Their name may sound like some hip cafe but the music drives hard with buzzy melody.
Paul Jimenes, Baptiste Nollet and Frédéric Trux are three Frenchmen who play a buzzy and bratty form of pop under the name Pierre & Bastien. From Orleans, on banks of the Loire, they produce a music that takes in elements of Wire, the twitching jitters of Parquet Courts and a sense of dense melody.
Take a listen to the track "Bon à Rien" from their upcoming album Musique Grecque to get a sense of their skittish harmony. Translated to 'good for nothing', it's a song that involves just two guitars and a pretty simple drum kit but produce an intense pop feel.
We had a quick chat to Baptiste to find out more about the band.
Noisey: You started as a duo with a drum machine. Will you ever go back to it?
Baptiste Nollet: No way. Frédéric has brought us a lot – his metal thing on which he plays, his sense of pulse and his sense of humour (though we don't know which one of these senses is the more developed). He composes the songs with us. Actually Paul and I are now wondering how long it will last before the drummer fire them.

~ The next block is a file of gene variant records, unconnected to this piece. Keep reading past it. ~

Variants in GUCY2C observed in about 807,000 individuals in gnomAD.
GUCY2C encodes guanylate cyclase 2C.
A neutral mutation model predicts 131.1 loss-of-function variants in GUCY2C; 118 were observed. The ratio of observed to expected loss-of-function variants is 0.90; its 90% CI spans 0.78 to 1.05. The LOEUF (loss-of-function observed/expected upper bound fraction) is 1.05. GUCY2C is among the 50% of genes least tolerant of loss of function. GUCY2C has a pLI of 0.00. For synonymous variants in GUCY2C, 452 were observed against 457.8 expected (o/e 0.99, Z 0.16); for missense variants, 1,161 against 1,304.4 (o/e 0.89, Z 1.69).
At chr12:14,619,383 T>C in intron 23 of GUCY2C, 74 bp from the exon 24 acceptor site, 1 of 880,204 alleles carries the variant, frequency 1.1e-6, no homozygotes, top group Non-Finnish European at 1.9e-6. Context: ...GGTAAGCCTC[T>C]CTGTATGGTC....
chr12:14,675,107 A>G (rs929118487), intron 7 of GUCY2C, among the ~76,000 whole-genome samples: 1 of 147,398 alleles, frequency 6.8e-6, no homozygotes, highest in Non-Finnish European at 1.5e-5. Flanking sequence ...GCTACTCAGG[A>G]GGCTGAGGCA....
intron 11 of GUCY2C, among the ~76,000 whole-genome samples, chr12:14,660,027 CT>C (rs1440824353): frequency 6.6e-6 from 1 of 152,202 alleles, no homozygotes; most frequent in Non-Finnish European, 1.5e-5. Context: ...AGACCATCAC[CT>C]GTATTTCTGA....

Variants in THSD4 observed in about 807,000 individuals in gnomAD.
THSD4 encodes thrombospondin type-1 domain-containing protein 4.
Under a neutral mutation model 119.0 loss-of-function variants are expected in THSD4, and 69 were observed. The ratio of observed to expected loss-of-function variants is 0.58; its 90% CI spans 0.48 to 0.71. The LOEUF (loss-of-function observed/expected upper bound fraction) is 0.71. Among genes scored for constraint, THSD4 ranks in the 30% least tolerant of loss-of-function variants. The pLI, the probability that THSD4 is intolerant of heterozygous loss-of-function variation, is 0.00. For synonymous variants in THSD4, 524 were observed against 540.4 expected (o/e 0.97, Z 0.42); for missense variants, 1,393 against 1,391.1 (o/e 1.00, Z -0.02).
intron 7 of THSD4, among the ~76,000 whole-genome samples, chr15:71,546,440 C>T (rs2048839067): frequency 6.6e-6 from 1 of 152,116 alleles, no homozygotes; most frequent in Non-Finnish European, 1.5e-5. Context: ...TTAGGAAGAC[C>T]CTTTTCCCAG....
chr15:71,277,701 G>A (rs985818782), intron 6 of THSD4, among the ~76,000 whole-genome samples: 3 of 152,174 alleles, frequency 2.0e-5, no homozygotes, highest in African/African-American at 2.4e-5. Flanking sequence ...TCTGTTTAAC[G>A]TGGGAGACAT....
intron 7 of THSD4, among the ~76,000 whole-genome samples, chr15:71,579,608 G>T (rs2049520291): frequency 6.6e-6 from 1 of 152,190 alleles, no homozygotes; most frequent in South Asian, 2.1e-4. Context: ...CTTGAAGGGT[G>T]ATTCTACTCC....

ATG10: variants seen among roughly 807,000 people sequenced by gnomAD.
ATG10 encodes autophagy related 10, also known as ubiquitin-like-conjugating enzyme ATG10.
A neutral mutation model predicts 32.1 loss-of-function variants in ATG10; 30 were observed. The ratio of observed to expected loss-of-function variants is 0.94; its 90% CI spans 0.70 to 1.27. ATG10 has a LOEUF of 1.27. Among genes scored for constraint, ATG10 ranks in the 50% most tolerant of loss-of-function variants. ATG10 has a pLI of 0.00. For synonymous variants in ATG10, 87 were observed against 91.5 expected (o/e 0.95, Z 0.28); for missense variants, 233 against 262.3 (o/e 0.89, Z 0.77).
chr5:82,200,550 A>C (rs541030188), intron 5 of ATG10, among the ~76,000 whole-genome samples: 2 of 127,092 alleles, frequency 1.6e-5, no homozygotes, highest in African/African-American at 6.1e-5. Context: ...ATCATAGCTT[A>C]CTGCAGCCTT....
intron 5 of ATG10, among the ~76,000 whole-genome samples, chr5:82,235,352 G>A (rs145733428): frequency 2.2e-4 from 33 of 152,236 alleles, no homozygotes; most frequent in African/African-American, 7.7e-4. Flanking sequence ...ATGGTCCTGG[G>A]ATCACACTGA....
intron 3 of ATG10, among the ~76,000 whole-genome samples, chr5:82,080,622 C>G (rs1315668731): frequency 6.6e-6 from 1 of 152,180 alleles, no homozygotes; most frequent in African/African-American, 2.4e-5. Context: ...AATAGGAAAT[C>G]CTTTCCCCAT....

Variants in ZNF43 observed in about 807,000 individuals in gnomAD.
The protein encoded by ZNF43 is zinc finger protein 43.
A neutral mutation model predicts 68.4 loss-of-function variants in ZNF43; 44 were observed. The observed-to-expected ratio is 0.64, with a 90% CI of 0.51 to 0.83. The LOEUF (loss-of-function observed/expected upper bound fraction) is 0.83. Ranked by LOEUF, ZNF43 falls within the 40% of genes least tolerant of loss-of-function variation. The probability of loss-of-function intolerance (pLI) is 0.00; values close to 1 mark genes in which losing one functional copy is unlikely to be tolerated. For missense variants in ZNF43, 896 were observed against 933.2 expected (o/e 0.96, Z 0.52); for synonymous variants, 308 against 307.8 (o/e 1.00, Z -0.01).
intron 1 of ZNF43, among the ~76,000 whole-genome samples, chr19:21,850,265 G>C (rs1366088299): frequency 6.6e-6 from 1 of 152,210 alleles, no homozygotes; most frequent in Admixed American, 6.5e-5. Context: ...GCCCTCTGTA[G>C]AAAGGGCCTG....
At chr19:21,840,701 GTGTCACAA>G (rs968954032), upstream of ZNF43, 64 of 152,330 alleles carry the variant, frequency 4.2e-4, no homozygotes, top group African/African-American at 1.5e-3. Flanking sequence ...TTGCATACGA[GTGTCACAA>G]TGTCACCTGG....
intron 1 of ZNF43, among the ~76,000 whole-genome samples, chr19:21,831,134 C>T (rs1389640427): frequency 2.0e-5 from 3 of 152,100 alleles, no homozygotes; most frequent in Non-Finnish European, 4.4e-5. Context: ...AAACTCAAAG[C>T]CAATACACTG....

Who is your favourite French punk band of all time?
Early Bérurier Noir or Komintern Sect.
You recently played with Uranium Club and I can hear some similarities in the Wire like guitar style. Did you get to hang out with them?
They played a great show in a packed venue. Their tight, minimalist Devo-ish touch was really powerful. They have great records as well. They are nice guys, unfortunately we didn't get to hang out with them as they had to leave Paris right after the show to reach Stockholm the following day.
Is your song "Mitterrand" about the former President of France and the guy behind the bombing of the Rainbow Warrior.
Yes! It's about how you feel when you are 13 and Mitterrand is the only President of France you've known. Then he dies of prostate cancer, so you're sad. Then you hear he was involved in far right movements in his youth and he also had a daughter with another woman than his wife, which is bad. But this is France, so it's a part of yourself.